Power BI recently previewed a new filter experience with the addition of an enhanced Filter Pane. Rather than rely on the traditional visual level, page level, and report level experience; the filter pane provides enhanced filter cards that are both easily used and can be styled. As seen below where the filter is set to the default basic option, the new filter pane provides some of the same options as a slicer in the default layout. It also includes Search, has several styling options, can be locked, and can be changed to the optional Advanced filtering mode.
Before the Filter Pane, there were several functionality differences that still made slicers the more powerful option in many cases. Is that still the case?
Sample Date Slicer
You can see the similarities between slicers and filters when set to basic formatting. Those were just checkboxes though. What about more advanced slicer capabilities such as the relative date slicer? Could the filter pane replace that?
Sample Date Filter
The filter pane has a similar option and includes relative date filters… In addition, the advanced setting for filters seems to offer much more flexibility than what the native slicer provides. Considering that slicers take up valuable report real estate, there’s still not much of an advantage for using slicers, is there?
Are Slicers Still Relevant?
With all of the improvements in the Power BI filter experience, are on-page slicers still relevant?
But…many basic slicers can and likely should be replaced by the newly enhanced filters.
Even though much of the core slicer functionality is available on the filter pane, and even though slicers take up space on the report page that could be used for visualizing data, there are several reasons why report designers may still prefer to use slicers.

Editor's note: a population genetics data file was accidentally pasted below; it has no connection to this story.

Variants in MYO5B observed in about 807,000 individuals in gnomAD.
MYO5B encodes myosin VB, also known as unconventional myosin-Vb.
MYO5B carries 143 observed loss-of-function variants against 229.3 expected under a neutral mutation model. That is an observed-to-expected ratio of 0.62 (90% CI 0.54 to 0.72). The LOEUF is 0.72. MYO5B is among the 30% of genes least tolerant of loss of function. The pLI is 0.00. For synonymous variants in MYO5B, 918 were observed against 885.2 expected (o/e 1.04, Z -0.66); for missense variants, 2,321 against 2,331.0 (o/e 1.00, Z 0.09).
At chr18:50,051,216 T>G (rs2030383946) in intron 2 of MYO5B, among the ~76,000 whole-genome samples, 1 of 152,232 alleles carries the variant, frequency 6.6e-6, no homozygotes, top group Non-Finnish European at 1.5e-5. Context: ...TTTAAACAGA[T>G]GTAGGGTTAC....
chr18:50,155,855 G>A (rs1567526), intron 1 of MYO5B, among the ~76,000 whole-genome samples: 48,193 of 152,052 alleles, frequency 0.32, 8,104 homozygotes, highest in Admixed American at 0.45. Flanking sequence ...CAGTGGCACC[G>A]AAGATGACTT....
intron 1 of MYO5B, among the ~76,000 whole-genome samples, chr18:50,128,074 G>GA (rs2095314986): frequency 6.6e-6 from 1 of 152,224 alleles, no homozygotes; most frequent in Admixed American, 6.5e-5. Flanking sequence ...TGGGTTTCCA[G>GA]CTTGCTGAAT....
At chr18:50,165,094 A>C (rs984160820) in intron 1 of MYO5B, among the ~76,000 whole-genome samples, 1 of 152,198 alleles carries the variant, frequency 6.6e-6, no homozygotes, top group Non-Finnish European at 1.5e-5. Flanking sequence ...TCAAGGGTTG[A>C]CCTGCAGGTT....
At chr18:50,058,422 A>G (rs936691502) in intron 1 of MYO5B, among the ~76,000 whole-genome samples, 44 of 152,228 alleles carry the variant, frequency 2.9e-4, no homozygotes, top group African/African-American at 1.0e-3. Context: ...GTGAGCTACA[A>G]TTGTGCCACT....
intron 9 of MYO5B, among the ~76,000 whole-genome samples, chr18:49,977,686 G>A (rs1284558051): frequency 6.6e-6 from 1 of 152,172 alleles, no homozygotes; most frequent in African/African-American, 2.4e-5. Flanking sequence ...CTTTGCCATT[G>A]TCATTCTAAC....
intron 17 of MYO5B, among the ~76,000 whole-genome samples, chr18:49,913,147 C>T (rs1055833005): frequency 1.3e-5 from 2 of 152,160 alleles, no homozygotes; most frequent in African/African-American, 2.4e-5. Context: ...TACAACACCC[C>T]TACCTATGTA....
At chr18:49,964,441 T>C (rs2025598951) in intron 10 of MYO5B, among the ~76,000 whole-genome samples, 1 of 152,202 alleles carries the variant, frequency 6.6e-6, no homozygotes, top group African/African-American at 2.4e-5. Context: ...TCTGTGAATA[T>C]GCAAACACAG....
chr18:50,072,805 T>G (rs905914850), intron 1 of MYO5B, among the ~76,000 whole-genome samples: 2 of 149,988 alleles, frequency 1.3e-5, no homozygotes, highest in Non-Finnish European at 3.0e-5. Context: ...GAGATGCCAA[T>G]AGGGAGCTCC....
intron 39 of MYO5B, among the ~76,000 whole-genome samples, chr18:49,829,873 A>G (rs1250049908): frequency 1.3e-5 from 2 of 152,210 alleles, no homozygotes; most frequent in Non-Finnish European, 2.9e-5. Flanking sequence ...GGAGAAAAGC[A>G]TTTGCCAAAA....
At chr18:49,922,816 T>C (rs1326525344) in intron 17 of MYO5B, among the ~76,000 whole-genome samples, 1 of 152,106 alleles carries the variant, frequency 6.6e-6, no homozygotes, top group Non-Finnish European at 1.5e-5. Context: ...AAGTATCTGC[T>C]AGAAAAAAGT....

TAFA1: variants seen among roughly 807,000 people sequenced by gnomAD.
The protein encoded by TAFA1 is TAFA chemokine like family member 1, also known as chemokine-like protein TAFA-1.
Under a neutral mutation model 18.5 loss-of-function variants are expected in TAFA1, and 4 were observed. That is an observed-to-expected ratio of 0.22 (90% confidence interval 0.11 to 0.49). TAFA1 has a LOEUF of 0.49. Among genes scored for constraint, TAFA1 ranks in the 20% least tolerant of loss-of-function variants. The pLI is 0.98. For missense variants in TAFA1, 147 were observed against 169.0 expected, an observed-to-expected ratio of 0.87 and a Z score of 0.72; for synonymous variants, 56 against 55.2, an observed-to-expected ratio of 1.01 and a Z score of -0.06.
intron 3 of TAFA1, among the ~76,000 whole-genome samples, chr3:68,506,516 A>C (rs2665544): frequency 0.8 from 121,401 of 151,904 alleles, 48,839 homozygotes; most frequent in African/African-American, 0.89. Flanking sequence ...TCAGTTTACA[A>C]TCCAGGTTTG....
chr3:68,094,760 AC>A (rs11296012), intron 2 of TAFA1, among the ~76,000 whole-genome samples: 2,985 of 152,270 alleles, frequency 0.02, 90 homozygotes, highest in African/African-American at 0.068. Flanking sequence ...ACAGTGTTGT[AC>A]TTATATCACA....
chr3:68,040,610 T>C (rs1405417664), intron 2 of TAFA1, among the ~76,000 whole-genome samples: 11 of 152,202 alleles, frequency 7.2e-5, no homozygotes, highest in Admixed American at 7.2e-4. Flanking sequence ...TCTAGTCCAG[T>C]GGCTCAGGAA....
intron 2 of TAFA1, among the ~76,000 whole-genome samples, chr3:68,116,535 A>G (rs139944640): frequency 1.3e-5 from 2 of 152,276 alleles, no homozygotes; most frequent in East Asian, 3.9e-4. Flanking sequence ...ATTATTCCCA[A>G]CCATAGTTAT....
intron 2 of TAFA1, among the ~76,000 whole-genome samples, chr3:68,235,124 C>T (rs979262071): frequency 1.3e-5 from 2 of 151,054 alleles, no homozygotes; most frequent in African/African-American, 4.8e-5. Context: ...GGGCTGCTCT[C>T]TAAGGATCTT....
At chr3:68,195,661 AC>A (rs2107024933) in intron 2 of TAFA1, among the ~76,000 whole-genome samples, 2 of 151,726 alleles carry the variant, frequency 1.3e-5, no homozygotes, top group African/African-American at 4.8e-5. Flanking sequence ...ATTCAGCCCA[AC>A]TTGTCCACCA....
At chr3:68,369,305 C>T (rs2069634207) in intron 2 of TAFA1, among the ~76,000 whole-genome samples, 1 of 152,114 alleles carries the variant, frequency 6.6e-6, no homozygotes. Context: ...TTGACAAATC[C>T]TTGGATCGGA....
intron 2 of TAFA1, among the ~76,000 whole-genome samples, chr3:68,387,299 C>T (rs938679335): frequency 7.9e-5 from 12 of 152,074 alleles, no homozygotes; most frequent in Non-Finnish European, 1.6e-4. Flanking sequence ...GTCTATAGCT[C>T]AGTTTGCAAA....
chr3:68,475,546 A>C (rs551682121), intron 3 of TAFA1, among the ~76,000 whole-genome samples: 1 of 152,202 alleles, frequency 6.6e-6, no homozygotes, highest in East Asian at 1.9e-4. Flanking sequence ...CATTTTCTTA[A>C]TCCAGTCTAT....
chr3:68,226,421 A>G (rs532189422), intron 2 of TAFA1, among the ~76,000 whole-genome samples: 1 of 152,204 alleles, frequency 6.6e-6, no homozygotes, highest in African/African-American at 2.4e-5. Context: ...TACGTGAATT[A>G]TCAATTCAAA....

1) Visual Interactions
Power BI gives users the ability to fine tune how a slicer impacts the appearance of other visuals on the report canvas and vice versa. Enabling the Edit interactions option on the Format tab gives authors more options for controlling filters on a per-visual basis.
As an example, maybe you want to prevent a slicer from affecting a card visual but still filter other visuals on the page. This visual interaction is configurable with slicers but not currently with page level filters on the filter pane.
2) Sync Slicers
Filters currently can impact a single visual, apply across all visuals on a page, or affect the entire report (visual level, page level, and report level filters). Sync slicers, by contrast, give report designers the option to selectively apply their filters on individual pages. This provides a high level of flexibility that falls somewhere between page level and report level filters.
3) Layout & Positioning
Slicers are a visual and enjoy the same freedom of movement as other visuals while filters do not. Perhaps you like the flexibility of positioning slicers anywhere–even on a hidden slicer pane. Users might also request that their slicers be added to reports in some unique location. The Filter Pane is currently fixed to the right side of the report canvas. There are many more options to position slicers around the report canvas.
In addition, while filters have different appearances like the basic and advanced layout, slicers have their own unique appearances. For example, some people may prefer the slicer button styling with the horizontal orientation, the dropdown menu, etc.
What do you think? Are there more reasons that you’d still prefer slicers over the new filter experience? Feel free to leave comments below.